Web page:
Seen: On dvd on my tv, rented from netflix.
Atafeh (Nikohl Boosheri) and Shireen (Sarah Kazemy)- two female best friends living in Tehran- explore the rebellious youth subculture brewing beneath the surface in present-day Iran, attending wild parties and gradually realizing their attraction to one another. Their secret romance is impeded not only by their country’s strict religious codes, but also by Atafeh’s zealous older brother (Reza Sixo Safai), whose new position with the morality police and intense obsession with Shireen drive a wedge between various family members. In somewhat episodic form, urban Iran’s divisions of class, sex, sexuality, and religion are shown supposedly from the point of view of young insiders, but for logistical reasons the filmmakers are forced outsiders.
Circumstance is an interesting film, not so much for its narrative or technical aspects, but more for its issues of legitimacy. It was written and directed by Iranian-American filmmaker Maryam Keshavarz, who was raised and educated in the US but stayed with family in Iran every year. Most of the actors are not native to Iran, and apparently their speech in this film is heavily accented and the slang is unconvincing (I can’t actually speak to the veracity of that statement, as I don’t speak Farsi at all). It was filmed in Lebanon, and all the people involved in its production can never visit Iran again. So in trying to reveal the secret lives of Iranian teenagers, Keshavarz was unable to give a truly realistic perspective. She drew from anecdotes of family and friends who lived there, and some of her own observations and experiences, but in the end many who would actually know what it’s like to be Atafeh and Shireen’s situation can see the inconsistencies.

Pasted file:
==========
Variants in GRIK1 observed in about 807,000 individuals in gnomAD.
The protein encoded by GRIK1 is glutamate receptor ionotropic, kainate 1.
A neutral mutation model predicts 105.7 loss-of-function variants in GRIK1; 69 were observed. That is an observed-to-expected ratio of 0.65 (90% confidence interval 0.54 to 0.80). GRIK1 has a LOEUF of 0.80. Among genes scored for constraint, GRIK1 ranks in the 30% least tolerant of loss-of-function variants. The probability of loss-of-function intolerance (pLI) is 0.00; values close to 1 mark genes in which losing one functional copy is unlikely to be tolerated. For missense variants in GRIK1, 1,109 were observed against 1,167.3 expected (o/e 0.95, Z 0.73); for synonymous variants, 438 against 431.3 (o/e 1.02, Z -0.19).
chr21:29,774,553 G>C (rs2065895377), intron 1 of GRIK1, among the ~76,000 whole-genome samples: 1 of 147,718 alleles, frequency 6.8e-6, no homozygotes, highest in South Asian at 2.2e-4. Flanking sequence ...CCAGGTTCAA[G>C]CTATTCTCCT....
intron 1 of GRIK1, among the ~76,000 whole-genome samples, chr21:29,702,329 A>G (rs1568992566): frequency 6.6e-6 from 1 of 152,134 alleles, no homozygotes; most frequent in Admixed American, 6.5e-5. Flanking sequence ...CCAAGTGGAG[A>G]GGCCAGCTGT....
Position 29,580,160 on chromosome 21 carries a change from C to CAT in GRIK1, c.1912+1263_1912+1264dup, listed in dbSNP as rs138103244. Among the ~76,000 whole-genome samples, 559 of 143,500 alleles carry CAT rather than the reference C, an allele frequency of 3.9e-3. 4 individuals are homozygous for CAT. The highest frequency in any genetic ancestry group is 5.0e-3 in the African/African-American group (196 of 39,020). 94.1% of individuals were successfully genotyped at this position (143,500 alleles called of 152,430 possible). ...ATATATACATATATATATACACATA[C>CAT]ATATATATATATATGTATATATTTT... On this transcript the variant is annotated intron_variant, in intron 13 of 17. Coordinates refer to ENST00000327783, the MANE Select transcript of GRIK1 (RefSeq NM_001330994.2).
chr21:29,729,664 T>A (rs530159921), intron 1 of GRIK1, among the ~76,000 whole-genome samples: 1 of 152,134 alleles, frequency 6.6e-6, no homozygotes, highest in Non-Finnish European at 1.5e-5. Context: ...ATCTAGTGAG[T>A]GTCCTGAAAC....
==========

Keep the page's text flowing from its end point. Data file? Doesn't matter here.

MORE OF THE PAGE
As I watched Circumstance I didn’t know much about its authenticity issues; I just thought a story told by a bisexual Iranian-American female filmmaker might offer an interesting viewpoint, plus I’d never seen an Iranian film before (though I recognize now that this is more of an international outing than its final product lets on). Looking at it from my ignorant standpoint, I found it generally enjoyable and engaging, though the narrative structure is disjointed and certain plot points are overly ambiguous or incongruous. I loved the two lead actors, who turned in strong, powerful performances that balanced out the uneven script. I’ve seen some critics lament their romantic scenes as “softcore porn”, but it didn’t bother me. They’re horny teenagers exploring their sexuality, what the hell else would you expect? Steamy hand-holding fantasies?
I don’t want to be like those uninformed critics who took this film at face value and loved its “realistic” portrayal of Iranian gay teen subculture and family dynamics, but I also can’t completely fault it for failing in its verisimilitude because as a movie removed from its context it has merit. And I do believe it contains some truth, or at the very least the truth as Maryam Keshavarz and her collaborators experienced it. I don’t really have enough knowledge speak about these matters anyway, as it is a complicated issue.